symptoms [9, 12, 14], we used the diagnosis of PPD as the

1602 Matern Child Health J (2013) 17:1599–1610

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outcome measure. This raises the possibility that sociode-

mographic status accounts for the rates at which one

receives a diagnosis; in our study, African Americans and

Hispanics with lower sociodemographic statuses were less

likely to receive a diagnosis compared to Whites. If race/

ethnic disparities are found among rates of diagnosis, then

the diagnostic process may be another area to target for

improvement among lower sociodemographic status

groups.

Among ethnic minorities in our study, API women were

the most likely to receive a PPD diagnosis, and unlike

African Americans and Hispanics, the likelihood of

receiving a PPD diagnosis for APIs remained significantly

higher even after accounting for other variables (e.g.,

sociodemographic factors). Prenatal depression was asso-

ciated with PPD for all groups in our study, but the like-

lihood was highest for APIs. Although psychiatric history

for depression was not available, the strong association

between prenatal depression and PPD observed among the

API women in our sample adds to the growing concern of

depression experiences and its effects on API women

during motherhood [19–21]. A number of factors specific

to API women’s experiences are potentially associated

with later postpartum mood. The high rate of depression

and suicidal ideation during adolescence and young

adulthood may reflect family and societal pressures faced

by young women to uphold high academic standards and

traditional gender roles [32]. These young women likely

must negotiate their cultural values and beliefs when

assuming a mother’s identity [33, 34]. In addition, the

cultural preference for male infants may affect PPD.

Table 1 Weighted percentage distribution of mothers who recently gave birth that completed the NYC PRAMS from 2004 to 2007, by

characteristic, according to race/ethnicity

White Asian/

Pacific

Islander

Hispanic Black

(n = 1,043) (n = 425) (n = 1,253) (n = 1,027)

Maternal age

\20 2.4a 0.9a 9.9b 6.9c

20–34 70.1a 75.4b 76.8b 73.8a,b

C35 27.5a 23.7a,b 13.3c 19.3b,d

Maternal education

0–8 1.7a 2.7a 11.7b 1.6a

9–11 4.2a 10.7b 19.6c 15.8d

12 22.6a 26.1a 34.4b 32.1b

13–15 16.2a 14.7a 21.1b 28.1c

C16 55.4a 45.8b 13.2c 22.4d

Income

\10,000 10.0a 20.4b 40.3c 29.2d

10,000–14,999 6.7a 15.1b 14.3b 10.3c

15,000–19,999 4.6a 8.0b 8.8b 8.6c

20,000–24,999 4.7a 5.8a 6.8b 9.2c

25,000–34,999 6.8a 5.7a 9.5b 13.2c

35,000–49,999 8.7a 6.0a 6.7a 10.1a

50,000–74,999 12.1a 9.9a 6.3a 10.2a

C75,000 46.4a 29.1b 7.1c 9.0d

Maternal nativity

U.S. born 68.4a 11.1b 34.1c 56.3d

Non-U.S. born 31.1 88.9 65.6 43.0

Missing data 0.5 0 0.3 0.7

Language of questionnaire

English 99.1a 99.5a 51.2b 98.8a

Spanish 0 0 48.5 0

Missing data 0.5 0.5 0.3 1.2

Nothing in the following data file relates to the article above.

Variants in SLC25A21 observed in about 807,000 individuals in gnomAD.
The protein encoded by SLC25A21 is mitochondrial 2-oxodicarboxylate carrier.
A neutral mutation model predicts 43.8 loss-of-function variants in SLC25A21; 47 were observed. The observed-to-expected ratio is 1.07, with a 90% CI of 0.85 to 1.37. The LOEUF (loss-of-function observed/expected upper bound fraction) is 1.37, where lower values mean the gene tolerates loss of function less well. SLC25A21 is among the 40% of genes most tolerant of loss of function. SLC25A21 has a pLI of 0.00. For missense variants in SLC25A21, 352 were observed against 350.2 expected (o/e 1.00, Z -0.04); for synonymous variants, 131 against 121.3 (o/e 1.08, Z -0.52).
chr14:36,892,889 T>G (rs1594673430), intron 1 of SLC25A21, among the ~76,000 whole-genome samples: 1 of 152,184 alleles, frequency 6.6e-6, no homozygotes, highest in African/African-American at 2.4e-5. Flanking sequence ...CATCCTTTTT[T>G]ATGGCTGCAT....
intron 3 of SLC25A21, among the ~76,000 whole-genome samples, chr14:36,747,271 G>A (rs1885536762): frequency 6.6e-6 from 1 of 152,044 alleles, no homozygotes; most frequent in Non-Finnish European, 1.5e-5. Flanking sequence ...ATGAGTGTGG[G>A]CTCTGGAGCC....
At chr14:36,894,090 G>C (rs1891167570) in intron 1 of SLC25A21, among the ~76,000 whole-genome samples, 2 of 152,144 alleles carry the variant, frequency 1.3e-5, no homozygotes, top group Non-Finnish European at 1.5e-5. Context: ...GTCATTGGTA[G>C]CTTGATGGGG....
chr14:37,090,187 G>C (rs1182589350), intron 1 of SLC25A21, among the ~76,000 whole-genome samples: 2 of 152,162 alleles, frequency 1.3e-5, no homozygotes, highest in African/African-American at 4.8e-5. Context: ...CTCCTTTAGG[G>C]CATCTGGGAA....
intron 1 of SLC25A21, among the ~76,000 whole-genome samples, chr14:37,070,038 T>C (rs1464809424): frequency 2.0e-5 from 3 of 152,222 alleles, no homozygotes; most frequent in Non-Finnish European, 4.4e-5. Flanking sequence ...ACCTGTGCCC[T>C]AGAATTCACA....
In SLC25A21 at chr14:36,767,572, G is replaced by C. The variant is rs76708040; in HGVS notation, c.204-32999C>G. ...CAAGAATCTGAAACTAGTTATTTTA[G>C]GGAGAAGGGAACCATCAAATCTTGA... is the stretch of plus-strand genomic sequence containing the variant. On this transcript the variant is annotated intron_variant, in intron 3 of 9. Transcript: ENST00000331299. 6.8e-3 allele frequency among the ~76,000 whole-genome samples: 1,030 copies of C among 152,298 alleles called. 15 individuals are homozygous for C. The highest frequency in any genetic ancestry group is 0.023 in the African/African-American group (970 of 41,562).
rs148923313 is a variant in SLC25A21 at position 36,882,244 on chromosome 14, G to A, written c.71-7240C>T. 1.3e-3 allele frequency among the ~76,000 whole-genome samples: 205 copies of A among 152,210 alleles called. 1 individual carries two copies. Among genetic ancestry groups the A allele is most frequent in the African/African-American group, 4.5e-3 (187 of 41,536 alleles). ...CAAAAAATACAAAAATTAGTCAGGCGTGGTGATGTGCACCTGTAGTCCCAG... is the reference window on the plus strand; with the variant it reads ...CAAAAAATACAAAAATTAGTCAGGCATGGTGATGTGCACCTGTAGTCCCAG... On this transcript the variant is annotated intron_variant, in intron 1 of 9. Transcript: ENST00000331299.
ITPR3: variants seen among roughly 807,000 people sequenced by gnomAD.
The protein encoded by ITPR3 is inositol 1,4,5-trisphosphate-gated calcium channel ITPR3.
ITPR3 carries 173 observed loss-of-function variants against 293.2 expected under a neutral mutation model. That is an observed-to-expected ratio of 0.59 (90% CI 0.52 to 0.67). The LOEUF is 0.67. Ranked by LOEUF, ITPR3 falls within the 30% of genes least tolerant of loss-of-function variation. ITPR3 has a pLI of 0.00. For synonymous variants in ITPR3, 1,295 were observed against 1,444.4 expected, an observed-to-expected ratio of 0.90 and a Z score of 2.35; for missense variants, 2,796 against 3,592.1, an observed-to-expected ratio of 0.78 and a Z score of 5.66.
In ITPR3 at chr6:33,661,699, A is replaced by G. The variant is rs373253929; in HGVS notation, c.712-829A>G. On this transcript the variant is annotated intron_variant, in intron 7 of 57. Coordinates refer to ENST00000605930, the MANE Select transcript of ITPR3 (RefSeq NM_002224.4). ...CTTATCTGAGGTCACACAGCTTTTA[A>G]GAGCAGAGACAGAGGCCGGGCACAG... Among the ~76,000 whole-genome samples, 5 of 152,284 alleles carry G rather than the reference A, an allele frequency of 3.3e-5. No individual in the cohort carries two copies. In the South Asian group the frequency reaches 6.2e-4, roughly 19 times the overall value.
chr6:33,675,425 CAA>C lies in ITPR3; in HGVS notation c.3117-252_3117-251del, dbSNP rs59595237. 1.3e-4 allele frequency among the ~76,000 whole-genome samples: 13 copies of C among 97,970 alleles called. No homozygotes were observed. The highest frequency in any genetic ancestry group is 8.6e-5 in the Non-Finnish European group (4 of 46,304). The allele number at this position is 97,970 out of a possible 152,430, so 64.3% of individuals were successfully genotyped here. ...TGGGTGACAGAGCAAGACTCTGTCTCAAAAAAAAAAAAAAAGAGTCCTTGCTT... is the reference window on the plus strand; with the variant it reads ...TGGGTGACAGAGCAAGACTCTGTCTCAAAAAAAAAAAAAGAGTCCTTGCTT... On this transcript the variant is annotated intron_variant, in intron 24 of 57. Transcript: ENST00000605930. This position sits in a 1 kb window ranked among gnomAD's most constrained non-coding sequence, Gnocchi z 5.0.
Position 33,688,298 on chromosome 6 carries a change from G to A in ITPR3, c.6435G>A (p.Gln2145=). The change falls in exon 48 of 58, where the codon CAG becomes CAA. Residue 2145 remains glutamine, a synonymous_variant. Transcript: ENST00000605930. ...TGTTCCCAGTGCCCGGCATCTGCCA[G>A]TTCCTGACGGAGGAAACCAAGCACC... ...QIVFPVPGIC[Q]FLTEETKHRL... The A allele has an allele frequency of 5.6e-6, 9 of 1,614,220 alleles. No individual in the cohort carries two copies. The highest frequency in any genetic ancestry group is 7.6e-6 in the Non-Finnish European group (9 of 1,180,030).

NICU

Yes 5.1 5.9 6.4 14.4

No 94.9a 94.1a 93.6a 85.5b

Don’t know 0 0.1 0 0.1

Gender

Male 49.3a 52.1a 51.1a 52.0a

Female 50.7 47.9 48.9 48.0

Diabetes

No 92.4 85.1 89.9 89.9

Yes 7.6a 14.9b 10.1c 10.1c

Stresses

0 45.1a 49.1a 31.6b 26.5c

1–2 41.8a 38.7a 41.5a 42.8a

3–5 12.1a 11.3a 23.3b 25.2b

6–13 1.1a 0.8a 3.6b 5.5c

Social support

No 90.4 90.8 76.9 75.2

Yes 9.6a 9.2a 23.1b 24.8b

Table 1 continued

White Asian/

Pacific

Islander

Hispanic Black

(n = 1,043) (n = 425) (n = 1,253) (n = 1,027)

Intention for pregnancy

No 30.9a 35.1a 59.0b 66.5c

Yes 69.1 64.9 41.0 33.5

Prenatal depression diagnosis

No 97.2 87.6 92.4 94.5

Yes 2.8a 12.4b 7.6c 5.5d

Discussion about mood

No 46.0 61.4 42.7 39.3

Yes 54.0a 38.6b 57.3a,c 60.7c

Postpartum depression diagnosis

No 97.4 89.3 93.6 96.3

Yes 2.6a 10.7b 6.4c 3.7a

Lower case superscripts that differ across each row represent statistically

different values across racial/ethnic groups. Conversely, groups within a

row that share the same superscript demonstrate no statistically significant

difference in values within p \ .05

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Table 2 Logistic regression models of race/ethnicity, other sociodemographic factors, stressors, and discussion of mood with provider, with adjusted odds of postpartum depression diagnosis

Model 1 Model 2 Model 3 Model 4

OR CI OR CI OR CI OR CI

Race

White 1.0 1.0 1.0 1.0

Asian/Pacific Islander 4.6*** 2.6–8.2 4.0*** 2.2–7.2 2.7** 1.4–4.9 3.2*** 1.7–6.0

Hispanic 2.7*** 1.7–4.5 1.8* 1.0–3.1 1.5 0.9–2.7 1.5 0.9–2.7

Black 1.7� 1.0–3.0 1.2 0.6–2.2 0.9 0.5–1.8 0.9 0.4–1.8

Maternal age

\20 1.0

20–34 0.5 0.3–1.1 0.5 0.2–1.1 0.5 0.2–1.2

C35 0.7 0.3–1.6 0.7 0.3–1.7 0.7 0.3–1.9

Maternal education

0–8 1 1 1

9–11 0.8 0.3–1.9 1.2 0.4–3.2 1.1 0.4–3.0

12 1.0 0.5–2.1 1.6 0.7–4.1 1.6 0.7–4.0

13–15 1.1 0.5–2.5 1.6 0.6–4.2 1.6 0.6–4.3

C16 0.8 0.4–1.8 1.5 0.6–4.0 1.6 0.6–4.2

Income

\10,000 1.0 1.0 1.0

10,000–14,999 1.2 0.7–2.1 1.5* 0.8–2.8 1.5* 0.8–2.8

15,000–19,999 0.8* 0.3–1.6 1.1 0.5–2.4 1.0 0.5–2.2

20,000–24,999 0.5 0.2–1.2 0.6 0.3–1.4 0.6 0.2–1.3

25,000–34,999 0.6 0.3–1.3 0.7 0.3–1.7 0.7 0.3–1.6

35,000–49,999 0.3 0.1–0.7 0.3 0.1–0.9 0.3 0.1–0.8